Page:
Newswise — Speculation regarding the profile of the next leader of the Catholic Church is mounting in the days since Pope Benedict XVI’s surprising resignation. William Madges, Ph.D., dean of Saint Joseph’s University’s College of Arts and Sciences and professor of theology, warns that speculation is just that until the conclave actually meets, but notes some obvious considerations.
“It would be improbable, but not impossible, that the next pope would reflect a considerable shift in ideology,” says Madges, making reference to Pope John XXIII who succeeded Pope Pius XII and surprised the world by calling the Second Vatican Council. “Conservative and progressive are tricky terms. They mean different things to different people. But it is reasonable to suspect that the next pope will continue to maintain a “conservative” stance.
Age and ethnicity will play an important role, Madges suggests. It is unlikely, he says, that the next pontiff will be older than his mid-60s, and there’s a strong chance the papacy will remain with a European.
“The Europeans would like to see a European pope, particularly an Italian pope,” he explains. “The Italian block of cardinals is quite strong and with the last two papacies going to a Pole and a German, there will be a push to bring the papacy back to Italy. Many have put forward Archbishop of Milan Angelo Scola as a candidate.”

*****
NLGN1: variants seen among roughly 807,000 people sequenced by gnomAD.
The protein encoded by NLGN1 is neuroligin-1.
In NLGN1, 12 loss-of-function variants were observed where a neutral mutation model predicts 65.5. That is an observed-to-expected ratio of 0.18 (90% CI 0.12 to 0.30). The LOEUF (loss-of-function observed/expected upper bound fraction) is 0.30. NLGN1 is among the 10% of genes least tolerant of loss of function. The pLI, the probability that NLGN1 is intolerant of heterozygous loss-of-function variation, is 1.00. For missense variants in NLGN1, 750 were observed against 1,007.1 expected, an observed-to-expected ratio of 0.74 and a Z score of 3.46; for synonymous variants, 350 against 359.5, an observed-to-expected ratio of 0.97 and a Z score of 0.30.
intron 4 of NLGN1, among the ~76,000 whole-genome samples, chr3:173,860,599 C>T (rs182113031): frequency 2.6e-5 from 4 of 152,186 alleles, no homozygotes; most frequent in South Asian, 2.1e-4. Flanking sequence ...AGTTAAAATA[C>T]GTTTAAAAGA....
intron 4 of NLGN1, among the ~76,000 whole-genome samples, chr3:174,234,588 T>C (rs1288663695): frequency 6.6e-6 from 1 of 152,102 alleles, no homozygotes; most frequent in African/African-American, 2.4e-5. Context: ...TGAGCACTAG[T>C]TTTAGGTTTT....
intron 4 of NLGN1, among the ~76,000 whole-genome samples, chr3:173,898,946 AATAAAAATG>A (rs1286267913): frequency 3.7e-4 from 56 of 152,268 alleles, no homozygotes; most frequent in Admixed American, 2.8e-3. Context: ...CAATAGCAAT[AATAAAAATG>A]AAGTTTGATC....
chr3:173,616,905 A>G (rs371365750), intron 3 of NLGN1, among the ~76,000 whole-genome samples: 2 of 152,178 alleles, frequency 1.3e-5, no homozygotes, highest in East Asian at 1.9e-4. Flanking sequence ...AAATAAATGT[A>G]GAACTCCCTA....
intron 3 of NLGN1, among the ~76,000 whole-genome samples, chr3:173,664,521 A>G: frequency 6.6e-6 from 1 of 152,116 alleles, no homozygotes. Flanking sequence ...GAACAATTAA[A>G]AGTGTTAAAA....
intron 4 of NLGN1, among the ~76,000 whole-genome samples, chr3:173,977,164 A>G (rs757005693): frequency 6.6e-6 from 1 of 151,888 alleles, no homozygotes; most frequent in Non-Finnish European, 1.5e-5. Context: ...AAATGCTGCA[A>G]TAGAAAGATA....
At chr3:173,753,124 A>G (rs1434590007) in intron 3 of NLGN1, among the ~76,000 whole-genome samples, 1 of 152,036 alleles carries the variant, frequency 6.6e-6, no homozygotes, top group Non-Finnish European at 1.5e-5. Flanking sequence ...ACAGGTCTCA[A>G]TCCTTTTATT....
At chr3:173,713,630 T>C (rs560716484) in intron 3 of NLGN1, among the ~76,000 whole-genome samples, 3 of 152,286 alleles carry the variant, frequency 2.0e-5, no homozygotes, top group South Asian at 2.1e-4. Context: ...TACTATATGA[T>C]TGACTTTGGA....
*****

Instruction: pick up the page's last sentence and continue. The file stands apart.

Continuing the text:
But Madges recognizes that speculation about a South American or African pope makes sense given that the strength of Catholicism lies in the southern hemisphere.
“Those are the places in the world where in terms of numbers and vibrancy of faith, Catholicism is fastest-growing and strongest. A selection of a pope from one of these regions would send an important message to the world, giving concrete evidence that the Catholic Church is a world church and respects diversity of culture.”
And with Benedict XVI still living, what influence, if any, will he have on the selection of the next pontiff?
“His influence will be strong, but indirect,” Madges explains. “It lies in the cardinals he has selected, more than half of the 117 who will be eligible to vote.”
Madges has expertise in the areas of papal elections, church history, Vatican II and Pope John Paul II. Madges is also one of the creators of “A Blessing to One Another: Pope John Paul II and the Jewish People,” a nationally touring exhibit that examines the pontiff's groundbreaking contributions to improving relations between Catholics and Jews. Madges can be reached by calling the Office of University Communications at 610-660-1222.